New York, NY –
On October 11th, I attended the Wines of Brazil event at the Astor Center on Lafayette Street. It was a quiet and simple affair featuring twelve small tables offering various Brazilian wines. The event focused on the virtues of the Brazilian climate, with brand ambassadors explaining that despite Argentinian and South African wine’s popularity over Brazilian varieties, Brazilians share the same latitude and can produce wines of similar quality, with the unique influence of their terroir.
I started with the largest winery in Brazil, Aurora, which produces 38 million liters of wine per year, or nearly 30% of the wine produced in Brazil. Their Aurora line is not actually sold in the US yet—it’s release date is in 2013. For now they sell a pair of Moscatos under the Copacabana line, though still from the Aurora winery. The Auroras were nice, I tried an unoaked bittersweet Chardonnay that was understated but not muted and a Pinot Noir that was light-bodied and a long finish. I found both the Rose and the White Moscato of the Copacabana line to be very rich in sweetness.
I went on to Casa Valduga, a winery formed in 1875 by an Italian family which exports to eighteen countries. My first wine was the Naturelle Rosa which had a sweet finish but a strange, sour nose. I then tried the Cabernet Sauvignon, which was the richest ruby color I had seen out of a Brazilian red to this point. It had a simple oak nose with some dark fruits.
Before heading to the next tasting, I nibbled on a flaky puff pastry filled with tender short rib dipped in a roasted red pepper cream sauce, that I thoroughly enjoyed. Soon afterwards, I moved on to Cave Geisse and tried the only selection at the table, the Terroir Rose Brut, which turned out to be one of my favorite wines at the event. The sparkling rose wine of the Geisse selection was delicate but bold. The nose was powerful and bright— with notes of strawberry preserves and crisp red fruits. It was warm in the chest but not at all harsh.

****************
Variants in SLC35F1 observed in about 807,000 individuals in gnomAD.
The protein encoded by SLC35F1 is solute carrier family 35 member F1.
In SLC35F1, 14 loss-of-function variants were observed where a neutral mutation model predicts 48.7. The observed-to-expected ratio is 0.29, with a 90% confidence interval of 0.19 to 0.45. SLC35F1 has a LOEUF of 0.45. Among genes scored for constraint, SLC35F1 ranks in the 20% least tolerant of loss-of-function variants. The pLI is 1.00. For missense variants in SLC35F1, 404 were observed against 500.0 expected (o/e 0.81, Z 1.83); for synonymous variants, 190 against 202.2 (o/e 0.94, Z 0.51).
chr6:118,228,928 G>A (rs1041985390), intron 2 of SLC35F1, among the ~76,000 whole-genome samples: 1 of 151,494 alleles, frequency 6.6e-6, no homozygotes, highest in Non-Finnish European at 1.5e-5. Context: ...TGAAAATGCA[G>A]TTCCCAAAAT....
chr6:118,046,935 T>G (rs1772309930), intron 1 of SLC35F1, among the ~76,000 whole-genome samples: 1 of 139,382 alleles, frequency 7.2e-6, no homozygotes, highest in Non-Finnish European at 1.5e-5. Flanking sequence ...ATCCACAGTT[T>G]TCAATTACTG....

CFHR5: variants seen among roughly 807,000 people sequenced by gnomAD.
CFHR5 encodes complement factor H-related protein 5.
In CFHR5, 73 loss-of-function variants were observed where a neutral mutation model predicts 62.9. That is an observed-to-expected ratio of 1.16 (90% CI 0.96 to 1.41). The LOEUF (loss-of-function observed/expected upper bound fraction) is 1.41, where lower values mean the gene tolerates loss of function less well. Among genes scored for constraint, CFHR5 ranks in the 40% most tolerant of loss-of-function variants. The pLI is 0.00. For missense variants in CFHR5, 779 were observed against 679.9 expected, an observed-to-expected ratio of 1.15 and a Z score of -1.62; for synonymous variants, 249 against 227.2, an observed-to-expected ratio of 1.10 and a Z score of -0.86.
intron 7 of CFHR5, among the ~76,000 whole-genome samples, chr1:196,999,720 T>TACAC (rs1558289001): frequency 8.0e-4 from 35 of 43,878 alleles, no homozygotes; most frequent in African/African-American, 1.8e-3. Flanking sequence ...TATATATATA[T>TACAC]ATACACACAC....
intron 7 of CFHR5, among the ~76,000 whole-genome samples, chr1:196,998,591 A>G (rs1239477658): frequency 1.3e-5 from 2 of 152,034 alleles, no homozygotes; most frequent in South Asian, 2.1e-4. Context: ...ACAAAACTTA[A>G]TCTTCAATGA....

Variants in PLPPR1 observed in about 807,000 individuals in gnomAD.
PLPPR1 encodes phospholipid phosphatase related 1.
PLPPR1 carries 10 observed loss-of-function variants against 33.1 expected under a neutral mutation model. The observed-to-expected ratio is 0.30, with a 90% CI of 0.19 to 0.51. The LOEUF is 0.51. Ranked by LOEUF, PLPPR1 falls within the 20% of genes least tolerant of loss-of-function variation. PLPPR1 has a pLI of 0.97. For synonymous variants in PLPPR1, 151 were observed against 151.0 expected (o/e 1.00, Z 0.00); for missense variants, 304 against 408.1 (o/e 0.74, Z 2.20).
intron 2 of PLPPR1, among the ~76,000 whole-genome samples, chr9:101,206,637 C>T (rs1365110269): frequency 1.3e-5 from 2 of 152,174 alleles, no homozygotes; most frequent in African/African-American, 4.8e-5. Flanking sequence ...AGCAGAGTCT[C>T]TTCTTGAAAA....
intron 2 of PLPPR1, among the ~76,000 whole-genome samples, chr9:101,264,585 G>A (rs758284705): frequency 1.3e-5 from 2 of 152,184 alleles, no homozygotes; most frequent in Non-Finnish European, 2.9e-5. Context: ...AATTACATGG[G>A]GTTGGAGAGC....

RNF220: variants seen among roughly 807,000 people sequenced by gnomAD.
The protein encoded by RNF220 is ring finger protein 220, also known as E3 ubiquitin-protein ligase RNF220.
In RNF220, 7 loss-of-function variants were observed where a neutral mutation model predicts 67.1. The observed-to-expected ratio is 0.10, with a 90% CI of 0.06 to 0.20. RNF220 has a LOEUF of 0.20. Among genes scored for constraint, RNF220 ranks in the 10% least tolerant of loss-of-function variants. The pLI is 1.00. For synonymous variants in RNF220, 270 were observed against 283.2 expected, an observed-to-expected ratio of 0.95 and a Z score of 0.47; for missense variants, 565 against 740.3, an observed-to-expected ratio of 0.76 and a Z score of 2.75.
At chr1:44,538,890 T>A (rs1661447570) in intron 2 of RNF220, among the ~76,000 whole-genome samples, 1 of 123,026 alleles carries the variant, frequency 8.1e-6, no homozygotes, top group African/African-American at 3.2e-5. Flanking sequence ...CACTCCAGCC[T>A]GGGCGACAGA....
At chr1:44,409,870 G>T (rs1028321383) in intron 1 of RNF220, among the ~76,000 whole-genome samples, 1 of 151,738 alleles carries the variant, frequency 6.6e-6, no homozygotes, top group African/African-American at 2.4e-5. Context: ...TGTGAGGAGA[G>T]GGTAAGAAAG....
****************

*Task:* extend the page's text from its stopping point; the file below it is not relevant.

The next table was the Don Geurino Winery, established in 2000, and I began with an unoaked young white. It had a balanced, long finish, nice body and was my favorite Chardonnay of the afternoon. The Moscato that Don Geurino offered had a tremendous nose of tropical fruits and a not-too-sweet dry finish, a definite improvement on the Copacabana I had tried earlier.
My final winery of the afternoon was Lidio Carraro and it was the most impressive. The host told me that, unlike many Brazilian exports to the US, that attempt to cater to US tastes, Lidio Carraro is known for wines which exemplify and cherish the terroir of the region, rather than try to mask it. The unoaked Chardonnay was thin and lacking body but I persisted in trying more of the line. The Rose had only just arrived and was not yet available in the US. It was dark and easy drinking with a long, clean and tart finish. The Tannat, which I finished with, was remarkable. There was the oft-made comment, among the guests, that Brazil had nice white and sparkling offerings but lacked reds. I can only assume they had not reached the Carraro’s Tannat. Black and stone fruits dominate the nose and are at the forefront on the palate, before harsh alcohol flashes for an instant, followed by a massive smoky coffee and licorice finish. For me, Wines of Brazil did as it intended, and opened my eyes to the virtues and the legitimacy of Brazilian wine.